Not raising the U.S. debt ceiling would be bad for the economy and would force the government to default on either its bonds or domestic programs, the top White House economist said on Thursday.
“It would not be good for the economy,” said Austan Goolsbee, chairman of the White House Council of Economic Advisers.
If the ceiling isn’t raised before early August, the government would have to default on its bonds, social security, Medicare or military pay, though he added it was impossible to say which one the United States would choose.
“Which of those do you default on, what kind of question is that?” he said.
The United States hit the debt limit on Monday, and the Treasury Department has said it can stave off a default until early August, at which point the country could face a default that could push the economy back into recession and roil markets across the globe.
Markets have, so far, shrugged off the threat. Goolsbee said that shows investors do not think the U.S. government will default.
Conservative Republicans, especially Tea Party activists, have refused to support an increase in the nation’s $14.3 trillion borrowing limit before winning budget concessions, including steep domestic spending cuts to reduce a deficit projected at $1.4 trillion this year.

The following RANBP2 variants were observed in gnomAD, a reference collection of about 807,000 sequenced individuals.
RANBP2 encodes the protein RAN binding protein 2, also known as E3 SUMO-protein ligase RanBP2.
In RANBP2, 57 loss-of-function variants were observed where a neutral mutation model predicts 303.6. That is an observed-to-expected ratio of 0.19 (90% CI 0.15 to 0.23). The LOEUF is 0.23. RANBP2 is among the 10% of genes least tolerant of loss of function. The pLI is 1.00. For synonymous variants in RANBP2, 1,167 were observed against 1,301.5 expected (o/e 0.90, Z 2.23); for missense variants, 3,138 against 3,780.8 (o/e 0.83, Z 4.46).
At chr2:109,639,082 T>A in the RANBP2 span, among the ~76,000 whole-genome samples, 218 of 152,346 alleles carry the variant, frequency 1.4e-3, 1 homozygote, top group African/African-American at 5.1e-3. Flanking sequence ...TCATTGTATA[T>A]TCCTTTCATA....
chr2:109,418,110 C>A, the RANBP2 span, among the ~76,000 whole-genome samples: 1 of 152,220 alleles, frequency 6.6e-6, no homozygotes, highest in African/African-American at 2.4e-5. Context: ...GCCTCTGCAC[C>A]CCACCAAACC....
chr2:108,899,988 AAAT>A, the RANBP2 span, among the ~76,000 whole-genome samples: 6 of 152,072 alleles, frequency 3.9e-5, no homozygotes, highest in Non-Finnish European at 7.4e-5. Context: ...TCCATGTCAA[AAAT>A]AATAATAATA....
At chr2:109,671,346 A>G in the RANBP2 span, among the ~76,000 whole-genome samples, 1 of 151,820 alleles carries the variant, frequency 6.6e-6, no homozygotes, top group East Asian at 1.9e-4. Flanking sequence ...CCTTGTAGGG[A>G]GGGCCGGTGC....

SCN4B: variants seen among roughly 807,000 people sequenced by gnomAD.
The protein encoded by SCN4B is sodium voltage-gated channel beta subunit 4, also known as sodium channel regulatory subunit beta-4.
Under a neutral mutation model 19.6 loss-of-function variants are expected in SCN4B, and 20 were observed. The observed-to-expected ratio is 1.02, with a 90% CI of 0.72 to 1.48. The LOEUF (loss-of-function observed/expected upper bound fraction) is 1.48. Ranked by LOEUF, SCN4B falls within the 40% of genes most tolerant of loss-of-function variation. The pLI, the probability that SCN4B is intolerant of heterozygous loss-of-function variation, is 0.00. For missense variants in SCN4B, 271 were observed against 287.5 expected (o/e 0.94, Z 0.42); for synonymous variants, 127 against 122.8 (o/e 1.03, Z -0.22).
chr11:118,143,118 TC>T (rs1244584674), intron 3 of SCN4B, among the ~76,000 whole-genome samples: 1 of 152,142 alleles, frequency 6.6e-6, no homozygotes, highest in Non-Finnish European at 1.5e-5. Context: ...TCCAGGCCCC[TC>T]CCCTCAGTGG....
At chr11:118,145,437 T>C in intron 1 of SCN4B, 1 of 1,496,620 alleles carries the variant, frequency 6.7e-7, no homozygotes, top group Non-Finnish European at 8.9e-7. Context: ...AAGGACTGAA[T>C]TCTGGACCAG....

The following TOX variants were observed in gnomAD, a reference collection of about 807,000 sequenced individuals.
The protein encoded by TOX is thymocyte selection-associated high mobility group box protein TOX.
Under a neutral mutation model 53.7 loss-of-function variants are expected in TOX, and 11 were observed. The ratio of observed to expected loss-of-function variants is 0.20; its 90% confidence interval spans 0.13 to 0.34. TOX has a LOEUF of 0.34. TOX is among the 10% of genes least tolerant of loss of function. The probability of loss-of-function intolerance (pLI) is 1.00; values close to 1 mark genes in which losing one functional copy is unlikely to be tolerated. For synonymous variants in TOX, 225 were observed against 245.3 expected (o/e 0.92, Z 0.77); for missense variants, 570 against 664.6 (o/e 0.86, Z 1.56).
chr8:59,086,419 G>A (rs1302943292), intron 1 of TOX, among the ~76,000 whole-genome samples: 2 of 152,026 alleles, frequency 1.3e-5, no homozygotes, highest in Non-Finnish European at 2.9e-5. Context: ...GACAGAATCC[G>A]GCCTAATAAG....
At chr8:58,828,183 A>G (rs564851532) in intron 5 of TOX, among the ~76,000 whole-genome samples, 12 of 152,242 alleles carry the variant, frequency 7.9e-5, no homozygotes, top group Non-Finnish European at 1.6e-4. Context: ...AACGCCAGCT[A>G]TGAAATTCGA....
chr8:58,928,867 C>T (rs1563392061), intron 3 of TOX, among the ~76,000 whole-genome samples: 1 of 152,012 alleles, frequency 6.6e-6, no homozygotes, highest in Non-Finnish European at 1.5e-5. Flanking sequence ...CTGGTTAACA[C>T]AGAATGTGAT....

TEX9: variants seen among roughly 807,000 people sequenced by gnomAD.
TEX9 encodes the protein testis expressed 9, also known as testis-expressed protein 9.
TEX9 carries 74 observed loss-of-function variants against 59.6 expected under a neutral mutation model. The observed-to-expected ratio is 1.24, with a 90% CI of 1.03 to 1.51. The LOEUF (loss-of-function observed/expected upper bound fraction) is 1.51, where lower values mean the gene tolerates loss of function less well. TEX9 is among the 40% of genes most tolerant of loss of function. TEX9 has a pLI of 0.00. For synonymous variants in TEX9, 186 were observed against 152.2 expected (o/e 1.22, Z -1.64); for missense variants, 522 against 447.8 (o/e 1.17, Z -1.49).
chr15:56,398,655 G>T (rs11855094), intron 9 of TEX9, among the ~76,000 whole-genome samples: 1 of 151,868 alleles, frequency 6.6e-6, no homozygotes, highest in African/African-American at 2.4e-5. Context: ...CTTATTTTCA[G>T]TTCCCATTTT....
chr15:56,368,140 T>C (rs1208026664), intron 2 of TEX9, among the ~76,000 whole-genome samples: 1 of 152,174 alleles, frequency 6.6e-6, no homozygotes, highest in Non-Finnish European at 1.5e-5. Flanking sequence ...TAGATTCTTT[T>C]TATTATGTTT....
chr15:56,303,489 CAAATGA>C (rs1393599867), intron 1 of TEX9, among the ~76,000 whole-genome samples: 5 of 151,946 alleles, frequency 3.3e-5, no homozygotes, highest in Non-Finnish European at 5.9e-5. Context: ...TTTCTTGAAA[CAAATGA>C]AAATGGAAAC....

Goolsbee said that the approach to deficit reductions embodied by proposals from Representative Paul Ryan, the top budget writer in the House of Representatives, “is not a balanced plan.”
Even so, Goolsbee said that economic growth in the short- and long-run was the most important issue, not the United State’s massive deficit or the debt limit.
Speaking at the Council on Foreign Relations, Goolsbee said it was time to focus on getting to a point where the government is no longer taking a major role in stimulating the economy but rather is finding ways to help the private sector lead the recovery. That includes shifting to policies such as streamlining the regulatory system and encouraging start-up businesses.
“That’s the only sustainable job creation we’re going to have. The only sustainable growth we’re going to have is going to come from the private sector,” said Goolsbee.
The beginnings of the recovery have been broad-based and have a healthy trajectory, Goolsbee said, though he noted there was still a long way to go before the conditions for growth were in place. The economy also faces some headwinds, including high gasoline prices and uncertainty surrounding the euro zone’s sovereign debt crisis.
Data earlier on Thursday suggested the economy is still on a moderate growth path as the number of Americans filing new claims for jobless benefits fell last week, but regional factory activity unexpectedly slumped in May.
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